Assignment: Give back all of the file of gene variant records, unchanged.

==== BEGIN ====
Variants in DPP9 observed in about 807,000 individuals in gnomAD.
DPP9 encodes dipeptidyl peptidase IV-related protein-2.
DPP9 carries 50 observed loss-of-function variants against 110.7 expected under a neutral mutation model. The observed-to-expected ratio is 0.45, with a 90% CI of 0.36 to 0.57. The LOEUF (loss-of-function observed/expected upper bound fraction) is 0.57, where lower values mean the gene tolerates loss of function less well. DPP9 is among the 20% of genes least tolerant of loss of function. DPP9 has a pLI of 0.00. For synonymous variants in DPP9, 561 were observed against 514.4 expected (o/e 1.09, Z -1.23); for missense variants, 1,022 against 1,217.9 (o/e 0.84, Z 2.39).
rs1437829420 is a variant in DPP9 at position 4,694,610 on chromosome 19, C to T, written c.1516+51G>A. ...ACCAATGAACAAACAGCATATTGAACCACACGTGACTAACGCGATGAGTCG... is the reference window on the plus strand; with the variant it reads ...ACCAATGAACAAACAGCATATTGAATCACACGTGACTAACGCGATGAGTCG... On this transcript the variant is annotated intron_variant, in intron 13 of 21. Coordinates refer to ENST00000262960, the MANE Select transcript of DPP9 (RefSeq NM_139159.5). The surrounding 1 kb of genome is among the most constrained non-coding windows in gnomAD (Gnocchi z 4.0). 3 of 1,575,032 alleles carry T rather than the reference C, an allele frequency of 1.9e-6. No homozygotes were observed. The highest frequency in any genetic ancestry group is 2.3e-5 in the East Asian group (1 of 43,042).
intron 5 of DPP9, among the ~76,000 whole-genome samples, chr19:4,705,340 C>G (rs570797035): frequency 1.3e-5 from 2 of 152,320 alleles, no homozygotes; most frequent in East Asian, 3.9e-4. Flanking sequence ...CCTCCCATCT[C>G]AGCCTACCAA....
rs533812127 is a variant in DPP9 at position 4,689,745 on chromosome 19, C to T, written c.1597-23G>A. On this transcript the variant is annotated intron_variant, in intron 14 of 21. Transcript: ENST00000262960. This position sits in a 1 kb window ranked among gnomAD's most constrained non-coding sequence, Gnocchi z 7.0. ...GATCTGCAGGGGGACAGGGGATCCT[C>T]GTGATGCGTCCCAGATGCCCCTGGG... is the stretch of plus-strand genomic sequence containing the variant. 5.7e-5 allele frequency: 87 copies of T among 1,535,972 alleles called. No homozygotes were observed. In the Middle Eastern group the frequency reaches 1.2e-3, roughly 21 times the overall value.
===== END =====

Variants in DPP9 observed in about 807,000 individuals in gnomAD.
DPP9 encodes dipeptidyl peptidase IV-related protein-2.
DPP9 carries 50 observed loss-of-function variants against 110.7 expected under a neutral mutation model. The observed-to-expected ratio is 0.45, with a 90% CI of 0.36 to 0.57. The LOEUF (loss-of-function observed/expected upper bound fraction) is 0.57, where lower values mean the gene tolerates loss of function less well. DPP9 is among the 20% of genes least tolerant of loss of function. DPP9 has a pLI of 0.00. For synonymous variants in DPP9, 561 were observed against 514.4 expected (o/e 1.09, Z -1.23); for missense variants, 1,022 against 1,217.9 (o/e 0.84, Z 2.39).
rs1437829420 is a variant in DPP9 at position 4,694,610 on chromosome 19, C to T, written c.1516+51G>A. ...ACCAATGAACAAACAGCATATTGAACCACACGTGACTAACGCGATGAGTCG... is the reference window on the plus strand; with the variant it reads ...ACCAATGAACAAACAGCATATTGAATCACACGTGACTAACGCGATGAGTCG... On this transcript the variant is annotated intron_variant, in intron 13 of 21. Coordinates refer to ENST00000262960, the MANE Select transcript of DPP9 (RefSeq NM_139159.5). The surrounding 1 kb of genome is among the most constrained non-coding windows in gnomAD (Gnocchi z 4.0). 3 of 1,575,032 alleles carry T rather than the reference C, an allele frequency of 1.9e-6. No homozygotes were observed. The highest frequency in any genetic ancestry group is 2.3e-5 in the East Asian group (1 of 43,042).
intron 5 of DPP9, among the ~76,000 whole-genome samples, chr19:4,705,340 C>G (rs570797035): frequency 1.3e-5 from 2 of 152,320 alleles, no homozygotes; most frequent in East Asian, 3.9e-4. Flanking sequence ...CCTCCCATCT[C>G]AGCCTACCAA....
rs533812127 is a variant in DPP9 at position 4,689,745 on chromosome 19, C to T, written c.1597-23G>A. On this transcript the variant is annotated intron_variant, in intron 14 of 21. Transcript: ENST00000262960. This position sits in a 1 kb window ranked among gnomAD's most constrained non-coding sequence, Gnocchi z 7.0. ...GATCTGCAGGGGGACAGGGGATCCT[C>T]GTGATGCGTCCCAGATGCCCCTGGG... is the stretch of plus-strand genomic sequence containing the variant. 5.7e-5 allele frequency: 87 copies of T among 1,535,972 alleles called. No homozygotes were observed. In the Middle Eastern group the frequency reaches 1.2e-3, roughly 21 times the overall value.